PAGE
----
northwest regional two-day dairy con
ference to determine the attitude of
the industry toward the proposed
dairy production control program
pened here today. Oregon, Washing'
ton and northern Idaho are In the
area covered by this conference and
delegates attended from all three
Early Indications are that the plan
being proposed by the AAA through
four representatives sent from Wash
ington for this meeting will not moot
with the organized opposition en
countered at somo of the 13 meetings
already held, though many attending
were frankly skeptical while most ap
peared to be open minded on the
plan and prepared to decide on the
basis of the facts brought out at the
- 4
April 0. ( AP) The United States
fleet got under way for the east coast
at 8 o'clock this morning.
Simulating war conditions vessels
of tho train force and minesweepers
led the sortie out of port in clear
ance of theoretical mines. Actual
clearance of the harbor extended
over an hour and a half, the battle
ships being last to weigh anchor at
0:30 a. m.
TOLEDO, Wash., April 0. (AP)
Albert Johnson, 43, well known far
mer of this vicinity and a native of
Kelso, died Sunday morning an hour
After being fatally gored by a bull.
The animal attacked Johnson wlth-
out warning, pinning his body
(against a stump. Mrs, Johnson, his
wife, witnessed the attack from the
farm house. She best off the Infur
iated animal with a club until It
gave up the attack and neighbors
came to her assistance.
Britain Watching
German Arming
LONDON, April 9. T Sir John
Simon, British foreign secretary, told
the houa of commons today that the
British government is giving "very
serlou" consideration to Germany's
contemplated Increased expenditures
of her army, navy and air forces.
Hugh S. Johnson, the recovery ad
ministrator. In a letter to Senator
Wagner (D.. If. Y.). said today In
effect he was opposed to the provls-
n Ik. Ufannae laHnf hrutt-fl hill
I preventing employers from "intt lat
in " company unions.
Government to Show Con
siderable Part of Funds
Given to Fight Al Smith
Used by Cleric Is Claim
John J. Wilson, assistant federal dis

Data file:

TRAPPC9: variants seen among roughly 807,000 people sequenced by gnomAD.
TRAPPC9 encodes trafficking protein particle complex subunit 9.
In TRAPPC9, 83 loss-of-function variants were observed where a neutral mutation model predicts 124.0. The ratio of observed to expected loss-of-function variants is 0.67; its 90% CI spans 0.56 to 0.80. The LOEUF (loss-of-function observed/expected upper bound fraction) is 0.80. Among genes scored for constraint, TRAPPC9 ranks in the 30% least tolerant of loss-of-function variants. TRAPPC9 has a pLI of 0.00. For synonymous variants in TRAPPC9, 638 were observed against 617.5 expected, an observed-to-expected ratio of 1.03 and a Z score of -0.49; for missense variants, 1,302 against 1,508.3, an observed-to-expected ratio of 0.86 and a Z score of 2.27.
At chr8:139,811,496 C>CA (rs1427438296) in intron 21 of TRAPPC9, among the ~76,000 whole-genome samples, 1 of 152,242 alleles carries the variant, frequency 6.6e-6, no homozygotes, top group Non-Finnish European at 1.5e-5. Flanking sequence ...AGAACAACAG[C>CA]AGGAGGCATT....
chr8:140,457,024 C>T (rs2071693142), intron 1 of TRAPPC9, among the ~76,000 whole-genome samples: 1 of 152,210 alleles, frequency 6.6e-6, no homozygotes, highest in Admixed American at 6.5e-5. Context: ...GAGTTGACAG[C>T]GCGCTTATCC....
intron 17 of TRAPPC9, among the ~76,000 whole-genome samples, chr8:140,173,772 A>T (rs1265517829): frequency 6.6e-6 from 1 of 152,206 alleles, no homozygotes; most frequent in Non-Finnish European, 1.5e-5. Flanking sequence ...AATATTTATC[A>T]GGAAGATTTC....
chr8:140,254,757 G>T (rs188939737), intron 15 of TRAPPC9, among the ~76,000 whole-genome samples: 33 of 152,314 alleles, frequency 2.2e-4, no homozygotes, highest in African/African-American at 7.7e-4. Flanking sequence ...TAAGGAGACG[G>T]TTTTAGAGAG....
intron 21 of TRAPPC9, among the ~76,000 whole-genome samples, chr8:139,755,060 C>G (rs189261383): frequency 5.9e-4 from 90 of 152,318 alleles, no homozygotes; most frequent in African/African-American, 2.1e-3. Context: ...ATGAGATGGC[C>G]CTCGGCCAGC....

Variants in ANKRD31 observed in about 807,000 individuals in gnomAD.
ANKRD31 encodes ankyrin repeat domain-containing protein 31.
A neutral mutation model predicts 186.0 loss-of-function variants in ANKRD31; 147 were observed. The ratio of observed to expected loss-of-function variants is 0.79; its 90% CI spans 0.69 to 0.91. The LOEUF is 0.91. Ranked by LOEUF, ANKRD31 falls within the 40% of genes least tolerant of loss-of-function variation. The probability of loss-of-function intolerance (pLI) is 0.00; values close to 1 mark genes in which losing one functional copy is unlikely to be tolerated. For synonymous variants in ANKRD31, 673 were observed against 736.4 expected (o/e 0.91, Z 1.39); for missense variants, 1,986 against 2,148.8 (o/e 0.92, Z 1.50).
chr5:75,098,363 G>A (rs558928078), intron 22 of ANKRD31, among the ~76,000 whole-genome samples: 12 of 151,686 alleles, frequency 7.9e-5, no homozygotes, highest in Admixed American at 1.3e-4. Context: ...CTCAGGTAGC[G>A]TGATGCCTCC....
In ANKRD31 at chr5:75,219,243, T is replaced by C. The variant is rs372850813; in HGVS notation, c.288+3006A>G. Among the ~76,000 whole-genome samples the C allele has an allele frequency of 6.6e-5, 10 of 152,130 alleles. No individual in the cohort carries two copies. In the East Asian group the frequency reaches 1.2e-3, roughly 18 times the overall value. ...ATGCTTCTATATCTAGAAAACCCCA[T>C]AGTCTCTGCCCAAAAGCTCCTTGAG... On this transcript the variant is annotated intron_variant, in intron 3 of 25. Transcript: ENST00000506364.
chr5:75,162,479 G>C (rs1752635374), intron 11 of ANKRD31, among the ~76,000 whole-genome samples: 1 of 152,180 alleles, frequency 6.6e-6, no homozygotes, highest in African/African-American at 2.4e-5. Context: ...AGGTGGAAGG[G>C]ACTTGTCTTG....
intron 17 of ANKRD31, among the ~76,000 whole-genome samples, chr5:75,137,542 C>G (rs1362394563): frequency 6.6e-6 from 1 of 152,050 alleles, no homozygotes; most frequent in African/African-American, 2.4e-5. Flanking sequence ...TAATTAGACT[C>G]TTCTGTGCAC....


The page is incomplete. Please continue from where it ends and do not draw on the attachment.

trict attorney, said today in criminal
court that the government "will show
that Bishop James Cannon, Jr., con
verted and appropriated to his own
use a considerable part" of a contri
bution by E. C. Jameson of New York
for use against Alfred E. Smith in
the 1028 presidential campaign.
Bishop James Cannon, Jr., and Miss
Ada L, Burroughs today pleaded "not
guilty" In criminal court to a charge
that they conspired to violate the cor
rupt practices act by failure to report
all the antl-Smlth presidential cam
patgn contributions they received In
Miss Burroughs answered first In
a quiet voice. Cannon, speaking loud
enough to be heard throughout tha
court room, then said "not guilty."
Indications that Issues that played
a large part In the Hoover-Smith
campaign more than five years ago
would enter into the trial proceedings
came when the court and counsel
framed a question to test the Jurors
on their religious, prohibition and
political views.
Twelve persons were called to tha
Jury box after the arraignment.
SALEM, AprU S. (AP) The de
mand of the Macleay grange in Mar
lon county that Rufus O. Holmaa,
atate treasurer, resign, his office im
mediately alnco he Is a candidate for
the republican nomination for gover
nor brought only the remark "I don't
see any reason why I should resign,"
when the matter was brought to the
candidate's attention.
Holman did not Indicate he would
resign if he were nominated or
whether or not he would resign his
office at all.
KANSAS CITY, April 0. (AP)
Renewed threats on the lire of City
Manager Henry P. McElroy, political
storm center, stirred Kansas City to-
day on the eve of the inauguration
of officials chosen at the recent tur
bulent city election.
Twice within less than 24. hours
the McElroy home was molested
first by a sniper's bullet, and sec
ondly, by a mysterious telephone
threat, "we never miss twice." Several
weeks ago McElroy'e life was threat-
ened In an extortion note.
Very good reports were received
today from LaJolla, Cat., regarding the
condition of Dr, J. J. Emmens, who
is a patient at the Scrlpps Memorial
hospital there.
He Is gradually Improving eaeh
day, the report stated, and Is expect
ed to return to his home here within
a short period.
PORTLAND. April 0.Pj Mid-Columbia
asparagus was the cause of a
near riot of buyers during the Mon
day session of the East Side Farm
ers' wholesale market when a Wash
ington grower offered supplies at
least 20o pyramid below the market.
There was a rush to buy at 2.25
pyramid when everyone else was get
ting at least 2.50 and even Cali
fornia was as high as $3 36.
ROSEBURCJ, Ore., April 0. (AP)
W. F. Thomas, Bo, former treasurer
of the city ot Roseburg, list night
suffered injuries, expected to prow
fatal, when he was struck by an auto
driven by C. P. Krogel of DUonTllle.
Investigating officers report that
Thomas, who was q-.iito fecblo, stepped
from behind a parsed car directly 1
(too the path of the auto. u